Jesus does not come to destroy the temple, but to fulfill it (see Matthew 5:17) — to reveal its true purpose in God’s saving plan.

He is the Lord the prophets said would come — to purify the temple, banish the merchants and make it a house of prayer for all peoples (see Zechariah 14:21; Malachi 3:1-5; Isaiah 56:7).

The God who made the heavens and the earth, who brought Israel out of slavery, does not dwell in sanctuaries made by human hands (see Acts 7:48; 2 Samuel 7:5).

Nor does he need offerings of oxen, sheep or doves (see Psalm 50:7-13).

Notice in today’s First Reading that God did not originally command animal sacrifices — only that Israel heed his commandments (see Jeremiah 7:21-23; Amos 5:25).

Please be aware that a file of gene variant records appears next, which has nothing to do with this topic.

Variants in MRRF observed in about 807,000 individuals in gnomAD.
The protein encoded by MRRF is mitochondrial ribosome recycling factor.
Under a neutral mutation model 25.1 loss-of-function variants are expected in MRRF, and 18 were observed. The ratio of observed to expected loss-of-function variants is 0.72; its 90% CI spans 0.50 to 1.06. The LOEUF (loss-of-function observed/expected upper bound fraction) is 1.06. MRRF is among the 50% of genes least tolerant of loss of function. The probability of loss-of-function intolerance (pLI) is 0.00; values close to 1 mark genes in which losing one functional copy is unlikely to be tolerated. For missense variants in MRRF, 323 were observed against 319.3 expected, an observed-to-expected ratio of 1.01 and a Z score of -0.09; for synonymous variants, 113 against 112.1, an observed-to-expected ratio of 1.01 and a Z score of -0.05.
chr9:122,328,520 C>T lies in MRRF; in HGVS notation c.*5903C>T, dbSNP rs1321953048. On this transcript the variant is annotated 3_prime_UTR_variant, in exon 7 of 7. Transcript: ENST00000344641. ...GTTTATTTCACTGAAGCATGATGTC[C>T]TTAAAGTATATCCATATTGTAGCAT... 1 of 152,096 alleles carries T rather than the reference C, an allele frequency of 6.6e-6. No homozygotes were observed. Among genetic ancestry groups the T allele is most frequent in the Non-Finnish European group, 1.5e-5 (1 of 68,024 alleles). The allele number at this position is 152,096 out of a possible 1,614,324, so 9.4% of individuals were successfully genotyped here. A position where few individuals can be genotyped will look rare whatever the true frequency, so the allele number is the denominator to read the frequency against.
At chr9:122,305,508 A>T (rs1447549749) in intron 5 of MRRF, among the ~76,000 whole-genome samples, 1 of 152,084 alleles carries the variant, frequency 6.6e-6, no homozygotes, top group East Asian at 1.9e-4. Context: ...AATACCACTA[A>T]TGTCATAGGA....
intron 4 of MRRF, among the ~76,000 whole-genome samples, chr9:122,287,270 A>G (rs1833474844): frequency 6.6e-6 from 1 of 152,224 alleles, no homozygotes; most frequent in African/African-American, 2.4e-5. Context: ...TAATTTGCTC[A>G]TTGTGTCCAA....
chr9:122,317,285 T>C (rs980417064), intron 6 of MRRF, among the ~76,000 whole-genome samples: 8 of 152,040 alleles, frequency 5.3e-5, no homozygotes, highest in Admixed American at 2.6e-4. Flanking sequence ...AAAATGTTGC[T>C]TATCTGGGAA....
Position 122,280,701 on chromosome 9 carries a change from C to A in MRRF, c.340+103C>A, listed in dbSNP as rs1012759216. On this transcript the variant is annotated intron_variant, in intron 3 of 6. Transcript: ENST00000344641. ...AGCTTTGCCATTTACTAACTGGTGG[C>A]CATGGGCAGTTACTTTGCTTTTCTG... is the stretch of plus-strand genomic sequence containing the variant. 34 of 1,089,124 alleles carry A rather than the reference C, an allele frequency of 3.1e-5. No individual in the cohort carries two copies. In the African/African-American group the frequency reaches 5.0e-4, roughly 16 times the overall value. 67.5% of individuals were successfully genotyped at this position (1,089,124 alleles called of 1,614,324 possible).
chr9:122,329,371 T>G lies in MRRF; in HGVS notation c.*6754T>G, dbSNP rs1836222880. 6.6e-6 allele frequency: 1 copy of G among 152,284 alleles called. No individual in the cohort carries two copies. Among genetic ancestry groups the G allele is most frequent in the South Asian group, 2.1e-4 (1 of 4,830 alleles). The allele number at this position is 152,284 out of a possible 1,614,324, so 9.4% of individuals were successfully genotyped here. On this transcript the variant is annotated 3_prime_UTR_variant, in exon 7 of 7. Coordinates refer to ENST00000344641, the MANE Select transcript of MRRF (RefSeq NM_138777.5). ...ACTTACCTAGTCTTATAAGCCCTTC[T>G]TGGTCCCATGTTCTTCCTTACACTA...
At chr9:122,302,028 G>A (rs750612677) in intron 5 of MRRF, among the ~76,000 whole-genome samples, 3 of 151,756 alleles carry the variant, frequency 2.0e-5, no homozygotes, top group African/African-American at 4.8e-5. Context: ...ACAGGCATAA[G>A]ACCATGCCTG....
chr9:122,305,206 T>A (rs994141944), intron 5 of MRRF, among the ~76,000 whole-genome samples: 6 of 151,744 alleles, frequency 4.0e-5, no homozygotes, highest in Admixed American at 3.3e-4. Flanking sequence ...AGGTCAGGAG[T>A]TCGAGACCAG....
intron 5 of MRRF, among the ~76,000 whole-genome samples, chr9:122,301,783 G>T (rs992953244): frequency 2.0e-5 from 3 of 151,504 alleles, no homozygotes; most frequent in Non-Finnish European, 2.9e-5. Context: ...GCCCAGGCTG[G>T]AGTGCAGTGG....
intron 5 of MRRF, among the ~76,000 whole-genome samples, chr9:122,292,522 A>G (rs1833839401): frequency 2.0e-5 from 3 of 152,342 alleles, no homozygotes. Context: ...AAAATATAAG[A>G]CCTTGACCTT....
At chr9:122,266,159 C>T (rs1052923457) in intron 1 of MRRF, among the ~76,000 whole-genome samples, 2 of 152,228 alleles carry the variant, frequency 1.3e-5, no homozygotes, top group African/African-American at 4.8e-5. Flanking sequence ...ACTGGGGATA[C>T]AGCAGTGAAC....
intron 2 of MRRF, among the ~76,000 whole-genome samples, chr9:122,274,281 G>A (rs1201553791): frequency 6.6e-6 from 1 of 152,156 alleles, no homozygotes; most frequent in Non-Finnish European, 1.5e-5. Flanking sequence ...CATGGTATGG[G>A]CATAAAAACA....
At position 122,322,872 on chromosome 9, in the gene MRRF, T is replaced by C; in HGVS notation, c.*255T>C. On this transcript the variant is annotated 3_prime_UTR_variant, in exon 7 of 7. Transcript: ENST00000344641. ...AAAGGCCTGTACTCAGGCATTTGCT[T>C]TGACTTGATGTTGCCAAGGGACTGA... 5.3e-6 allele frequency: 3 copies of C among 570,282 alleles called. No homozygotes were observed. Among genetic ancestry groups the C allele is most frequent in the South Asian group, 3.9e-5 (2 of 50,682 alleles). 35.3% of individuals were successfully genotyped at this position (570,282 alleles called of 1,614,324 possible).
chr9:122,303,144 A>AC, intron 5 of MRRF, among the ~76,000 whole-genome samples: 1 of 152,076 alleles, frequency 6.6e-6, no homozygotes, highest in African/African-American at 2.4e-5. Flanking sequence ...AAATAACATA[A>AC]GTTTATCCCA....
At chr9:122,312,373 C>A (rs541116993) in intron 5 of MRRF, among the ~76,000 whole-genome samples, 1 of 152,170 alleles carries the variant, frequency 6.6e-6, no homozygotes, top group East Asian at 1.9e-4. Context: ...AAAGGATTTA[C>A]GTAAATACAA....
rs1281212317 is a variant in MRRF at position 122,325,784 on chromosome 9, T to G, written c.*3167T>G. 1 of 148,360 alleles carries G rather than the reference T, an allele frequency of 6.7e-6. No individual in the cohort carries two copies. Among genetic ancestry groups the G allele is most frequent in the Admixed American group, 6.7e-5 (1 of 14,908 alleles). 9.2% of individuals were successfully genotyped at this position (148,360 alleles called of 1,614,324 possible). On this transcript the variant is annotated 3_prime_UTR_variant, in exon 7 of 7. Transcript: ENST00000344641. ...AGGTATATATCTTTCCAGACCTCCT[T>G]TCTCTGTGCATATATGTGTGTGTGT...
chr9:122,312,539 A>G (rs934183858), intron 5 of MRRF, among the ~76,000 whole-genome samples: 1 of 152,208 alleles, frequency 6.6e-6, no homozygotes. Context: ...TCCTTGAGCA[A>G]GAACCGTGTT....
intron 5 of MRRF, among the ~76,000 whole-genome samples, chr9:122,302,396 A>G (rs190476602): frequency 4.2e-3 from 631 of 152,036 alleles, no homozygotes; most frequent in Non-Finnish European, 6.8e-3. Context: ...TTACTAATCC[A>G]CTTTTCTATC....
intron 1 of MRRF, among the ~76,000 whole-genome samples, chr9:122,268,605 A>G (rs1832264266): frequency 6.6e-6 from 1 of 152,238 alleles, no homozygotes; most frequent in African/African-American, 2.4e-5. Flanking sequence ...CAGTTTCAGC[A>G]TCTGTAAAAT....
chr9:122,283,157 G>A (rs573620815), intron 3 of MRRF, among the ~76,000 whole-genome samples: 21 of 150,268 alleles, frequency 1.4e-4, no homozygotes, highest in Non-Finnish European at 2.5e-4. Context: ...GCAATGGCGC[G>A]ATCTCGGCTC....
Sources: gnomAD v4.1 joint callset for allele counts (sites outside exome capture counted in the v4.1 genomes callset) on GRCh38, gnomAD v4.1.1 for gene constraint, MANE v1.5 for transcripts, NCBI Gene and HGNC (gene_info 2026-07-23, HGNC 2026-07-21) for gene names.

His law was a gift of divine wisdom, as we sing in today’s Psalm. It was a law of love (see Matthew 22:36-40), perfectly expressed in Christ’s self-offering on the cross (see John 15:13).

This is the “sign” Jesus offers in the Gospel today — the sign that caused Jewish leaders to stumble, as St. Paul tells us in the Epistle.

Jesus’ body — destroyed on the cross and raised up three days later — is the new and true sanctuary. From the temple of his body, rivers of living water flow, the Spirit of grace that makes each of us a temple (see 1 Corinthians 3:16) and together builds us into a dwelling place of God (see Ephesians 2:22).

In the Eucharist we participate in his offering of his body and blood. This is the worship in Spirit and in truth that the Father desires (see John 4:23-24).

We are to offer praise as our sacrifice (see Psalm 50:14, 23). This means imitating Christ — offering our bodies — all our intentions and actions in every circumstance, for the love of God and the love of others (see Hebrews 10:5-7; Romans 12:1; 1 Peter 2:5)


Scott Hahn is founder of the St. Paul Center for Biblical Theology, stpaulcenter.com.


Highlights

Exodus 20: 1-17 

Psalm 19: 8-11 

1 Corinthians 1: 22-25 

John 2: 13-25